I visited Sedona for the first time in 2009. It was a short day trip–just enough time for a Pink Jeep Tour and a stroll through Uptown. Touristy stuff. But I was captivated by the scenic beauty. Those red rocks! And I’ve wanted to return ever since.
So when Eric and I started planning our Grand Loop Tour for 2016, I insisted that Sedona have its place on our itinerary. I’ve changed a lot since 2009, so I found the things I experienced seven years ago had lost their charm for me. But, fortunately, I made new discoveries this time that fulfilled my hopes for our visit.
I’ve heard it repeatedly from friends who have visited Sedona. The first time they drive in, they can’t get over the surrounding mountains of rock, with their varied shapes and brilliant colors. Go see them for a slice of Arizona beauty, and stay a while for good food, memorable hiking and browsing this eclectic town.
Things to Do in Sedona
Tlaquepaque Arts & Crafts Village
Tlaquepaque, in addition to being fun to say (locals say “te-lack-ee-pack-ee,” Spanish language be darned), is a sophisticated shopping center modeled after Guadalajara. Artisans sell everything from sculptures to infused vodka.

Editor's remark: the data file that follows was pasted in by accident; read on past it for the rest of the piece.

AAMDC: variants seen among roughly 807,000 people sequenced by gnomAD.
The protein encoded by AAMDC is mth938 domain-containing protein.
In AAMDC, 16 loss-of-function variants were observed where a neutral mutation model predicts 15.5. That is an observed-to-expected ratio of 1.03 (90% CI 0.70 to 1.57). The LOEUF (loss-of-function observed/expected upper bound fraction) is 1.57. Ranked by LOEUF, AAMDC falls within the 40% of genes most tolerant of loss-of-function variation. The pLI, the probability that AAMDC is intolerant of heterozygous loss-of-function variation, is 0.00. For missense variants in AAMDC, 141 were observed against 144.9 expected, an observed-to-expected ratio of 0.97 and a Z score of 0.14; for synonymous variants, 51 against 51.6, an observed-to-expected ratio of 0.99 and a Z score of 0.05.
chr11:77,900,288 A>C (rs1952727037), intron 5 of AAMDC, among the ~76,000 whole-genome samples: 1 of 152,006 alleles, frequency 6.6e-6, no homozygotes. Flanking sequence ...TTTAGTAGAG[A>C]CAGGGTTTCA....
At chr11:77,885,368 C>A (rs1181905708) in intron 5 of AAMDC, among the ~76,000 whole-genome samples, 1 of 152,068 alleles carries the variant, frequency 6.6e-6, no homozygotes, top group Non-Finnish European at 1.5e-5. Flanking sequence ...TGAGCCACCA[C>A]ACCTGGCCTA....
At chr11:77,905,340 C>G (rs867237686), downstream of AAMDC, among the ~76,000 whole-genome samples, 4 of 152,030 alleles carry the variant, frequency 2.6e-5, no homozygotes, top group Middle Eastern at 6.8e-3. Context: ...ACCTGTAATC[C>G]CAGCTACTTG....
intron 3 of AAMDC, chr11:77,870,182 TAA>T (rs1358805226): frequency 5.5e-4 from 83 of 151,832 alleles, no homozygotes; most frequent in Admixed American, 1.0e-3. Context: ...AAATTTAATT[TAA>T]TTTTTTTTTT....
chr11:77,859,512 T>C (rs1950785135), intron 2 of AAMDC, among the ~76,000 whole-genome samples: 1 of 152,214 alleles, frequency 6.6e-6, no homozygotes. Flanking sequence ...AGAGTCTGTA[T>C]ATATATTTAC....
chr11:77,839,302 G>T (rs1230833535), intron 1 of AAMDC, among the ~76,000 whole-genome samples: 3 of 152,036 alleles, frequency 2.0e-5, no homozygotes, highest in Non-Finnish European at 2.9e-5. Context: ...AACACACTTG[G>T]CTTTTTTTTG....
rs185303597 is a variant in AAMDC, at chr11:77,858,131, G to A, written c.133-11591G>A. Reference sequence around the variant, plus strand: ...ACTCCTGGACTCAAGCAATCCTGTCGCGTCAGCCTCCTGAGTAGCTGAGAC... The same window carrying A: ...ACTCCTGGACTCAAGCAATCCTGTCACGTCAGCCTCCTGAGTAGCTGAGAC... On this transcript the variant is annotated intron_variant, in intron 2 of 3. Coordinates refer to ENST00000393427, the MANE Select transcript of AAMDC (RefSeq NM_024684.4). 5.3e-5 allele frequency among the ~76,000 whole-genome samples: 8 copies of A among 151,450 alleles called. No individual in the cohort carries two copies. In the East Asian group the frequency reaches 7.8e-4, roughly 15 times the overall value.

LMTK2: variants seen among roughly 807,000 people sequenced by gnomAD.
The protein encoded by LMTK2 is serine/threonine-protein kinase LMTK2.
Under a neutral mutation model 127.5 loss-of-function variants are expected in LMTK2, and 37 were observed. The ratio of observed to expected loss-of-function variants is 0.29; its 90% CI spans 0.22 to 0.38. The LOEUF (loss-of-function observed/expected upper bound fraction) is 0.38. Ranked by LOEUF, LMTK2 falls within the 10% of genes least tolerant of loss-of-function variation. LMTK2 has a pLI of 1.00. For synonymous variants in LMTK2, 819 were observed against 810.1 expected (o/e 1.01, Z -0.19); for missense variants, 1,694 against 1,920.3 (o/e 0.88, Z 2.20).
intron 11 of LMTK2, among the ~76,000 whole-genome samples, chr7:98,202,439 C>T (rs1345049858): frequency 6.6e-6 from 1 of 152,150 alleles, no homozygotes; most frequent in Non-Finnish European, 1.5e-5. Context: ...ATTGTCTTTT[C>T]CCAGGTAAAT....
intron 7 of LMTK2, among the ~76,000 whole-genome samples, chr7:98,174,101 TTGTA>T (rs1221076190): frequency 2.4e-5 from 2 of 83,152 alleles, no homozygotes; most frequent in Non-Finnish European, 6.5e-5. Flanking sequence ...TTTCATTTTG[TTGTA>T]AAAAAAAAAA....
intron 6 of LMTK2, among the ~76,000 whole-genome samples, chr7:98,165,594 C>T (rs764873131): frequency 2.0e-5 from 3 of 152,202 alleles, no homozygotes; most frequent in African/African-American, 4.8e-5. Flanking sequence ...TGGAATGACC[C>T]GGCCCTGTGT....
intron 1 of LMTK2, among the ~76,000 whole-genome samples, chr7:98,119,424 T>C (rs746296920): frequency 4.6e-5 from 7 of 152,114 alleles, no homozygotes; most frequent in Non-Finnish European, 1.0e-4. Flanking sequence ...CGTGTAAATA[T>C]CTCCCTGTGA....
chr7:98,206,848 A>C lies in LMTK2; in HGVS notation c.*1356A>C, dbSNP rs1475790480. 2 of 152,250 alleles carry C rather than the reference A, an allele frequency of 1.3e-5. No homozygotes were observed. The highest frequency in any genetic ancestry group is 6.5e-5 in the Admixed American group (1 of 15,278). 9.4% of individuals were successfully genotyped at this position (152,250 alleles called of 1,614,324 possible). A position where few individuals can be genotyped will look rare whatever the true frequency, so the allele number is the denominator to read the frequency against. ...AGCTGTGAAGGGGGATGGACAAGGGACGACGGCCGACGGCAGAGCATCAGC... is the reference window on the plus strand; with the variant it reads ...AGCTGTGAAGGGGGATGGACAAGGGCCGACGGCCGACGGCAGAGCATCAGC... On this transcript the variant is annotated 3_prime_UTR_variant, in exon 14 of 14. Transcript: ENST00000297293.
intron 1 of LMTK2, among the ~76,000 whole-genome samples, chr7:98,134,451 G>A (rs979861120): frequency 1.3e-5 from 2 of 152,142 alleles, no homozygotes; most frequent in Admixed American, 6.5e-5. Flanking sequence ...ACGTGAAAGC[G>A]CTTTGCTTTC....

The area has become so popular that an extension is being built across the street. Even if you’re not looking to buy (and most full-time RVers aren’t), you’ll enjoy just walking around.
It’s just around the corner from Rancho Sedona RV Park where we spent our first week, so we went to Tlaquepaque every morning during our work break. It was off-season in late February, so most of the shops didn’t open until at least 10 a.m.
336 AZ-179 – Website
Many of the hotels and resorts are located in Uptown Sedona, the most walkable strip in town, so the businesses respond accordingly. This is where you’ll find your trinkets and t-shirts, as well as many of the outdoor adventure companies.
Fair warning: most of the restaurants in Sedona will snap your wallet in two. But at Uptown, you can pay out the zing-zang for mediocre food. So do your research and don’t settle, even if you’re hungry from all that walking!
AZ-89A and AZ-179
A few people told us we had to go up to Airport Overlook to watch the sunset, and we weren’t disappointed. The failing sunbeams bring a desperate life to the rock formations that is brilliantly photogenic. We went on a week night with our friends, John Lupomech and Becky Brusen, and were surprised by the crowd that had gathered. Arrive early if you want a spot right up front.